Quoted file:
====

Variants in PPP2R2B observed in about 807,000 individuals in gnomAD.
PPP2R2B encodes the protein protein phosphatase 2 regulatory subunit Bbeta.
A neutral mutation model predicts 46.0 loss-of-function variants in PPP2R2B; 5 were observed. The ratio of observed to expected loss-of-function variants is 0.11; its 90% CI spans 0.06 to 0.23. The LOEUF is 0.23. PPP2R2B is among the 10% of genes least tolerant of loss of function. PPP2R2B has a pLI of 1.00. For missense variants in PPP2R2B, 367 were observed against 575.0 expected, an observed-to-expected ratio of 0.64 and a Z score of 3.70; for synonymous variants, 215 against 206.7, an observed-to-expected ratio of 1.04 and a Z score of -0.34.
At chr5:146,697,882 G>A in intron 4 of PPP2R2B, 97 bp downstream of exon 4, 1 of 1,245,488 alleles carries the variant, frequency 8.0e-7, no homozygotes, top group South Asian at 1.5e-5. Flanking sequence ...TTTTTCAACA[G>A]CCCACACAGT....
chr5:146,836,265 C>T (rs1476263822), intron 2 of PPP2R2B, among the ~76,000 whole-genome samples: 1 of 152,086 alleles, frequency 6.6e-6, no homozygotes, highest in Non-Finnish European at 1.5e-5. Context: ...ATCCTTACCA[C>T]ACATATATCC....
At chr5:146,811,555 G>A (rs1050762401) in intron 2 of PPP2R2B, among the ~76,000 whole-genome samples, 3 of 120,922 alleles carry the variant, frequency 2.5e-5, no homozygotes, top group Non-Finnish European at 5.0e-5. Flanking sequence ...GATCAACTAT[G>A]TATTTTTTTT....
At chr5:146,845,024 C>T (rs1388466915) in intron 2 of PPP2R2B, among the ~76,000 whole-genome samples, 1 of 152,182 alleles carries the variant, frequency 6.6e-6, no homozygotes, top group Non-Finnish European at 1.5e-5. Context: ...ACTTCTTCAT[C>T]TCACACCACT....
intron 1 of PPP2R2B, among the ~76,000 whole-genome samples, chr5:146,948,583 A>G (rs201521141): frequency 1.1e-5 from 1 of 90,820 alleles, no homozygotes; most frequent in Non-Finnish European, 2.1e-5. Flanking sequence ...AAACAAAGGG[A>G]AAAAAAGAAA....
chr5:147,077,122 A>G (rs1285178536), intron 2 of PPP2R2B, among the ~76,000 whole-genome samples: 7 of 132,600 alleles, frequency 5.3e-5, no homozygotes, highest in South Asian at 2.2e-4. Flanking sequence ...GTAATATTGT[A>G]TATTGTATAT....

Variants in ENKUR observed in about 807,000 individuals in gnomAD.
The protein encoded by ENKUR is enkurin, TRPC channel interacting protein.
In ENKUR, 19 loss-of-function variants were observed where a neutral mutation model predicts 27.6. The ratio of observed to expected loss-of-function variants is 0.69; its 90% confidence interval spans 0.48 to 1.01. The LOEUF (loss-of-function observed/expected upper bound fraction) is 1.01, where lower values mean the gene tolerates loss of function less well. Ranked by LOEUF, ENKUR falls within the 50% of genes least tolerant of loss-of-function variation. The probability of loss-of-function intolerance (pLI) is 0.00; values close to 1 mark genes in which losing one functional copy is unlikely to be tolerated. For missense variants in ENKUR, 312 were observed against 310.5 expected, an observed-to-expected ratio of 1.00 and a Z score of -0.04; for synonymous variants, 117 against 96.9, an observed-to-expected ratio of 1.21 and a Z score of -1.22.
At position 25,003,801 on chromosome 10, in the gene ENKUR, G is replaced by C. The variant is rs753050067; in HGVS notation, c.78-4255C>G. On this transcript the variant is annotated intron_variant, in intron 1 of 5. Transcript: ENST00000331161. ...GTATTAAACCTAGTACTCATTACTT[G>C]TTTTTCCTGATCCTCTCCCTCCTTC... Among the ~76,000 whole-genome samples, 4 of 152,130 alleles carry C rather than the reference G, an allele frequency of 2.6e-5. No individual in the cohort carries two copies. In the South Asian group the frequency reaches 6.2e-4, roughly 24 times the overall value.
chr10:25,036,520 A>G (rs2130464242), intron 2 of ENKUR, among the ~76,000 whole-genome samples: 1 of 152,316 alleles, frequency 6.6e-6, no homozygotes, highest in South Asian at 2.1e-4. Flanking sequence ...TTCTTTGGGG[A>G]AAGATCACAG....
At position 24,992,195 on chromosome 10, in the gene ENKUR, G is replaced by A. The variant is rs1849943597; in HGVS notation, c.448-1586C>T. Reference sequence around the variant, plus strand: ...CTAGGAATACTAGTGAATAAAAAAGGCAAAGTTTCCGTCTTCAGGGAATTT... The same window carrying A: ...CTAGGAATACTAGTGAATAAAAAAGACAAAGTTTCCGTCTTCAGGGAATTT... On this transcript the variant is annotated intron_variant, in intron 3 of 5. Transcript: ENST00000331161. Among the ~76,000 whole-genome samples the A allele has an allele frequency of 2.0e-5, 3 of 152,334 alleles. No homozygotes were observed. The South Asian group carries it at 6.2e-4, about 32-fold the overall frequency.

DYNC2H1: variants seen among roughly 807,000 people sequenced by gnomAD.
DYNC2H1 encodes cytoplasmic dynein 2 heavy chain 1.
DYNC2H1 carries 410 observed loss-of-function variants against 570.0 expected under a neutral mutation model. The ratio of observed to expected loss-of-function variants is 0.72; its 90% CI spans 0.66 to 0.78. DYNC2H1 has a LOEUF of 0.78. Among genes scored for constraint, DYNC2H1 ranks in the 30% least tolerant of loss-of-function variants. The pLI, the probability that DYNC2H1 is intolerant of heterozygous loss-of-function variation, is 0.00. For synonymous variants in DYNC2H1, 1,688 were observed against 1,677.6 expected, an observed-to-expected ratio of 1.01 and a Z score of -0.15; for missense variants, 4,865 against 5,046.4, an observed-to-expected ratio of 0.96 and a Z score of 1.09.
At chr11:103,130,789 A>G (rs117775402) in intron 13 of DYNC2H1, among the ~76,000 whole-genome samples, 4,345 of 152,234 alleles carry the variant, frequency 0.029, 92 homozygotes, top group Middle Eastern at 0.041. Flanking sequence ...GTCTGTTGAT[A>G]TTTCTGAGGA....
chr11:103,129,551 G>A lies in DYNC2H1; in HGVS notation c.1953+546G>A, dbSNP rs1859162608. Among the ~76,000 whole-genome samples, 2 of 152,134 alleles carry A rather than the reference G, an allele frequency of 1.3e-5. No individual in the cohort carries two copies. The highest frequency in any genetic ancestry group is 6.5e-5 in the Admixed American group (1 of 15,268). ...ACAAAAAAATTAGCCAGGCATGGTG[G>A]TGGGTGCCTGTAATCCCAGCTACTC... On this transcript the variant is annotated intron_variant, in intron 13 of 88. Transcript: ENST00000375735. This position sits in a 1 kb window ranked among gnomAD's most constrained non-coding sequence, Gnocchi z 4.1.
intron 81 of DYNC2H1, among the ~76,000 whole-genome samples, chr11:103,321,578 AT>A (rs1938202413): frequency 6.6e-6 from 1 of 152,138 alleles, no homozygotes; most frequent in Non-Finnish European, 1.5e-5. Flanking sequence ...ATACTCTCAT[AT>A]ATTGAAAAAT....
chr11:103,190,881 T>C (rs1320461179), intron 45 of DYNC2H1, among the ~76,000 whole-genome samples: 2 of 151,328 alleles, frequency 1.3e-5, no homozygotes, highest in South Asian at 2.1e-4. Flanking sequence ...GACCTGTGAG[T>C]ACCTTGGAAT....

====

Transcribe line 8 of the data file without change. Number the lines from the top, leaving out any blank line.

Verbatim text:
intron 1 of PPP2R2B, among the ~76,000 whole-genome samples, chr5:146,948,583 A>G (rs201521141): frequency 1.1e-5 from 1 of 90,820 alleles, no homozygotes; most frequent in Non-Finnish European, 2.1e-5. Flanking sequence ...AAACAAAGGG[A>G]AAAAAAGAAA....